Last Sunday I was in Golden Gate Park standing in the middle of the intersection at Chain of Lakes and John F. Kennedy with one of my course monitor crews for the Kaiser Half Marathon. The number of runners had dwindled considerably and I was waiting for the sweep vehicle to pass so I could combine this crew with the one I had a half mile west since I still had inbound runners heading to the finish at that location.
I saw a motorcycle cop driving down the course, the first vehicle I’d seen on it since the race started. I waved him down to ask him if he was the sweep or knew how far back the sweep was. He stopped next to me and I recognized him immediately.
Last summer I was working the Escape from Alcatraz triathlon for UltraSportsLive operating the camera position at the Legion of Honor. This policeman was the same officer working the event who had gone out of his way to get me and a couple of the race management security folks coffees and scones. It had been a very early, very cold morning and I think he felt bad for us. He was so nice. I remember the incongruity of this big guy in full motorcycle officer kit, sitting on a giant police Harley-Davidson, taking our coffee orders like a Starbucks barista. “Do you want whipped cream with that mocha?” I’m not even kidding. I’m sad to say it was a forgotten memory until this moment. I was so happy to see him.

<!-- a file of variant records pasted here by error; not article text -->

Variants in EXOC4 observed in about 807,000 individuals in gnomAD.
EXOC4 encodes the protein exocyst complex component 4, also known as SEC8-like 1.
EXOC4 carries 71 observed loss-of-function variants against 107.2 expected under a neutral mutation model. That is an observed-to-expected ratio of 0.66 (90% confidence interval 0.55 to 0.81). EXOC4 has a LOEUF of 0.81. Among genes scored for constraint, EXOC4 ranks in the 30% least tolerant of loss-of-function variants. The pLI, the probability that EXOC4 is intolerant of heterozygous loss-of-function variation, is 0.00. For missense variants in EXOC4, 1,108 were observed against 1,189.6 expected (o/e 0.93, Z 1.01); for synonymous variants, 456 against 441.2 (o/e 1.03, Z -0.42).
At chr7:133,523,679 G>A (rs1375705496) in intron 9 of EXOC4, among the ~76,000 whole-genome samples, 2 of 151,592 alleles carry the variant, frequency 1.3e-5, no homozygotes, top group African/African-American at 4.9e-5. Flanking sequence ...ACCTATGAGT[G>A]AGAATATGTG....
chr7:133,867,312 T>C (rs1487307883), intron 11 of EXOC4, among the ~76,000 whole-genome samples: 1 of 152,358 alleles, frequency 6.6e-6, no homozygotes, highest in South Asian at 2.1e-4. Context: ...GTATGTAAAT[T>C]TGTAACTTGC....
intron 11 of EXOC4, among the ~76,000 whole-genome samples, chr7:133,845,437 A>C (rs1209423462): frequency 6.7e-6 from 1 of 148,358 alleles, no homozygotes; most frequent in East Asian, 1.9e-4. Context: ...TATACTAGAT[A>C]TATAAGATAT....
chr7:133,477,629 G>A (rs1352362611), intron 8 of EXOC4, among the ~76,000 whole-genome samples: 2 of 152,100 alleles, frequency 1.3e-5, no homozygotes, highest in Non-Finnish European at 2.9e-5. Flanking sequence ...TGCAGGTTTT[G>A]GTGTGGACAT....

“Remember me? Escape from Alcatraz? You got me a coffee and a scone. I’m Laura.”
I gave him an enthusiastic hug. It was a spontaneous gesture and I didn’t take into consideration the wisdom of hugging an armed on-duty police officer. I’m almost certain you aren’t supposed to be initiating physical contact like that and I’m surprised he didn’t politely push me away.
He looked a bit shocked. I’m sure the last thing he expected to happen when he pulled over was to have this strange woman throwing herself at him. Then recognition dawned on his face.
“Dave,” he shook my hand, “Right! Legion of Honor. I carried the coffees right here.” He tapped the rear storage box on his motorcycle.
“Yes!” I was so pleased he remembered me.
We reminisced for a few minutes about that day in June then discussed the race business I had originally flagged him down for. I thanked him again for the kindness he’d shown me at Escape and we parted ways once more.
I don’t know why I was so thrilled to see him. I don’t generally go around hugging total strangers. I think I was just glad to know he was okay. In his line of work tomorrow is not a guarantee, not that it is for any of us really, but it would seem that particular unknown is more tangibly a part of his life than it is for most of us.
The number of minutes our lives intersected can probably be counted on two hands yet here I am thinking and writing about him. It makes me wonder about the impact we make on other people without even realizing we have done so. You never know who is paying attention.
I don’t know if I’ll ever see him again. I forgot him the first time we met. I didn’t want to forget him for the second. I guess I’ve answered why I even wanted to write about this in the first place.
Be safe, Dave.